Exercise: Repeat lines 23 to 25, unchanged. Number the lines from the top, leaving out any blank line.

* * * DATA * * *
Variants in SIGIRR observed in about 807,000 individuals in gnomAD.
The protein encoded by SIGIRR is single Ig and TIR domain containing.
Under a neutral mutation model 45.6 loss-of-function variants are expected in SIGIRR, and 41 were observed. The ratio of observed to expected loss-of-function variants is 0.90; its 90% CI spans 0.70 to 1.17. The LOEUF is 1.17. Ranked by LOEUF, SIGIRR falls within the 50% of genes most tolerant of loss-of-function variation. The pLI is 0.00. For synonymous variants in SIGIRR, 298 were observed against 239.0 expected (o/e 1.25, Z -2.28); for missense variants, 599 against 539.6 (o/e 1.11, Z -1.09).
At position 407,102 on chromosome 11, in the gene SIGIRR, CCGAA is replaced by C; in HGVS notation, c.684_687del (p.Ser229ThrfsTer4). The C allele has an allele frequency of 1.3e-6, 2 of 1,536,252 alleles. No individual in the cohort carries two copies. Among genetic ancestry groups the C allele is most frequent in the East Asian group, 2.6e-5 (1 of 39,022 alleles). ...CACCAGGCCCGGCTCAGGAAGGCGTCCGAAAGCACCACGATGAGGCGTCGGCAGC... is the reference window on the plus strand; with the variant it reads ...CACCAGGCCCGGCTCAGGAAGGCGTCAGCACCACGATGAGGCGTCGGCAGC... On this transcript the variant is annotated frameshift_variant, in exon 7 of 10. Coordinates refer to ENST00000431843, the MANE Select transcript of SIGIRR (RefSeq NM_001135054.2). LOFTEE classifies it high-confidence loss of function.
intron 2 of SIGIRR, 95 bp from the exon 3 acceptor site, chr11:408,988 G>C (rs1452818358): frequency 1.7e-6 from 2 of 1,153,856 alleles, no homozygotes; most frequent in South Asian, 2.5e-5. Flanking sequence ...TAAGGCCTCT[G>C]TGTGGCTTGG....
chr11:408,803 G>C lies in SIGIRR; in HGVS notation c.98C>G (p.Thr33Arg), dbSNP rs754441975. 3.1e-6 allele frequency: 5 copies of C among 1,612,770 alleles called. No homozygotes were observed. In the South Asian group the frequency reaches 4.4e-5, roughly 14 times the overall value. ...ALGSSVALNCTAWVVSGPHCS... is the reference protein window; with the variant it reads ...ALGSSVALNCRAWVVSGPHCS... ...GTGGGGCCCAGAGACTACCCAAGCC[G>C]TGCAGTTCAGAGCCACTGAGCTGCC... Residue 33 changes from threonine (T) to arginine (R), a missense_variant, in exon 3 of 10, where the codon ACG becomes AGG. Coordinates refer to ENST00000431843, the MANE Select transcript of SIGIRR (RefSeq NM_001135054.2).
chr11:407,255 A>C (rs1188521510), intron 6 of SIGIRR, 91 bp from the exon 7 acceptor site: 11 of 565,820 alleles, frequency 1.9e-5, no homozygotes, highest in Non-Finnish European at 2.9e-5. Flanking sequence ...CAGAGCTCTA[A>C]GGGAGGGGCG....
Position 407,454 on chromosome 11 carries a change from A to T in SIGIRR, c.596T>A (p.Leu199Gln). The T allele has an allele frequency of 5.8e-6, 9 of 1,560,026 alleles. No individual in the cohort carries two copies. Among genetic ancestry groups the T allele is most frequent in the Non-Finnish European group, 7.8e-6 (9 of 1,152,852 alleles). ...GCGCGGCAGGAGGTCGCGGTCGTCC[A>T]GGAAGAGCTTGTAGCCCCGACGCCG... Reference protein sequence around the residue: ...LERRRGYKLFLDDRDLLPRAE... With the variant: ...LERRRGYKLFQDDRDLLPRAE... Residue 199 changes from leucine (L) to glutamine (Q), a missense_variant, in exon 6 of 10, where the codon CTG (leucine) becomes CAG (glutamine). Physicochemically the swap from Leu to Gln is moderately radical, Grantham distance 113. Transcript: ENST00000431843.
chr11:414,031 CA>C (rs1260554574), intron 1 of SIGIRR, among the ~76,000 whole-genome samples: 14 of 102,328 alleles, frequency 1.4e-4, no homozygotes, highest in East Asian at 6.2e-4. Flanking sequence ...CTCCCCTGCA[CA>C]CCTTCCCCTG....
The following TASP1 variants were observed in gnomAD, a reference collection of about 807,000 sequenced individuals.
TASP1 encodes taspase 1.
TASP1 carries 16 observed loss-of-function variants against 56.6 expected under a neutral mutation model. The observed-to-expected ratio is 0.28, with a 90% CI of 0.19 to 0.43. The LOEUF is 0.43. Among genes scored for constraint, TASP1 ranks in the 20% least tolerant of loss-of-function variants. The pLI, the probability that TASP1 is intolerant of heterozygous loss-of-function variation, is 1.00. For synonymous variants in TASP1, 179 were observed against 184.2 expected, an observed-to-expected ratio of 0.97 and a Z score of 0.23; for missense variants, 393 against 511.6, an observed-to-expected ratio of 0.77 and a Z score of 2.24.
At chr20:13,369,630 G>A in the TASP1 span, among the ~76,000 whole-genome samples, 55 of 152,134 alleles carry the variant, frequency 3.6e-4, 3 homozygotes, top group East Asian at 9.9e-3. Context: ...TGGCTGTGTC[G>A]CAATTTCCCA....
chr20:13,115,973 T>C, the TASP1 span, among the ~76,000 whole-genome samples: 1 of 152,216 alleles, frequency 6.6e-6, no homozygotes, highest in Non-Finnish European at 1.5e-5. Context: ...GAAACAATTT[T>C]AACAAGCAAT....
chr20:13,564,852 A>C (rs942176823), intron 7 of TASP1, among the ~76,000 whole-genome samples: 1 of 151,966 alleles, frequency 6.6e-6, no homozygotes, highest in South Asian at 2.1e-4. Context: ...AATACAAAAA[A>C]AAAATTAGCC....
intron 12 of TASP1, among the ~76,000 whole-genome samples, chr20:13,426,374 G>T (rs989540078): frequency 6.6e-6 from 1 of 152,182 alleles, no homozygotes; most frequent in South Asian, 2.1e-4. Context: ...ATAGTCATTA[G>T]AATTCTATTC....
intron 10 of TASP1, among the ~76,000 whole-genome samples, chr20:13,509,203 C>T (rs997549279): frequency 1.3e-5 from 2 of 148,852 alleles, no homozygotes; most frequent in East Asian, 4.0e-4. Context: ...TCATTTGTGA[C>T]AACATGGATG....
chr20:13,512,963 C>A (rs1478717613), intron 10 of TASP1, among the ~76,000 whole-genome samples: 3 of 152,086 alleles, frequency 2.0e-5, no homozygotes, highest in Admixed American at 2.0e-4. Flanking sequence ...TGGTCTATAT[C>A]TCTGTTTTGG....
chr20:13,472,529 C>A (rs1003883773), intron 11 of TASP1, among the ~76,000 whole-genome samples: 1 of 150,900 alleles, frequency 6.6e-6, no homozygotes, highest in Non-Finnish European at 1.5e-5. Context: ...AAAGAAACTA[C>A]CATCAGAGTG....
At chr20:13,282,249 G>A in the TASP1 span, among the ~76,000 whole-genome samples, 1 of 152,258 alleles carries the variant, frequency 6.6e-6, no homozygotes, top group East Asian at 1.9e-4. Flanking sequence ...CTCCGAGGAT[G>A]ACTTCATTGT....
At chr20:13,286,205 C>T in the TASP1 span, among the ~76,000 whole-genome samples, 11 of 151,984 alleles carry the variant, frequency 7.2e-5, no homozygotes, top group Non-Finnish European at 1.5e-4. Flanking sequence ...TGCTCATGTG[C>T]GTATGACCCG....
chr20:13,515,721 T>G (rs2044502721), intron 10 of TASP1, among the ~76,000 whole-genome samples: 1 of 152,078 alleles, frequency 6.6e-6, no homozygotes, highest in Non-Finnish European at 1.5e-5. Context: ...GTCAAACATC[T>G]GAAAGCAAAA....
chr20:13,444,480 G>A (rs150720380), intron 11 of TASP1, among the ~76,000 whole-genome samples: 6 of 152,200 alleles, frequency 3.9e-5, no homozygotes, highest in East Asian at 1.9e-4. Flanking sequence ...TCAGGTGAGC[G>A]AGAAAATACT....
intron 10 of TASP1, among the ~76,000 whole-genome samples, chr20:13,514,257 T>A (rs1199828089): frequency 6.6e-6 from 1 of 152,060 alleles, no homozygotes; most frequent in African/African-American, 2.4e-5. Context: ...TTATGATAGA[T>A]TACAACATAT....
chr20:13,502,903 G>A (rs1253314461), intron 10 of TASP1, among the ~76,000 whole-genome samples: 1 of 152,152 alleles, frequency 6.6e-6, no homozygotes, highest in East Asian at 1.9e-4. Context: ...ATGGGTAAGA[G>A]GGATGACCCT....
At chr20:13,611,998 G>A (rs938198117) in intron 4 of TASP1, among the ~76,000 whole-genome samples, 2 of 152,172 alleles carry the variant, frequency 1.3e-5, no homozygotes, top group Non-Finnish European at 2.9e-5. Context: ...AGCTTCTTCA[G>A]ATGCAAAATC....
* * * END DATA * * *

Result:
chr20:13,444,480 G>A (rs150720380), intron 11 of TASP1, among the ~76,000 whole-genome samples: 6 of 152,200 alleles, frequency 3.9e-5, no homozygotes, highest in East Asian at 1.9e-4. Flanking sequence ...TCAGGTGAGC[G>A]AGAAAATACT....
intron 10 of TASP1, among the ~76,000 whole-genome samples, chr20:13,514,257 T>A (rs1199828089): frequency 6.6e-6 from 1 of 152,060 alleles, no homozygotes; most frequent in African/African-American, 2.4e-5. Context: ...TTATGATAGA[T>A]TACAACATAT....
chr20:13,502,903 G>A (rs1253314461), intron 10 of TASP1, among the ~76,000 whole-genome samples: 1 of 152,152 alleles, frequency 6.6e-6, no homozygotes, highest in East Asian at 1.9e-4. Context: ...ATGGGTAAGA[G>A]GGATGACCCT....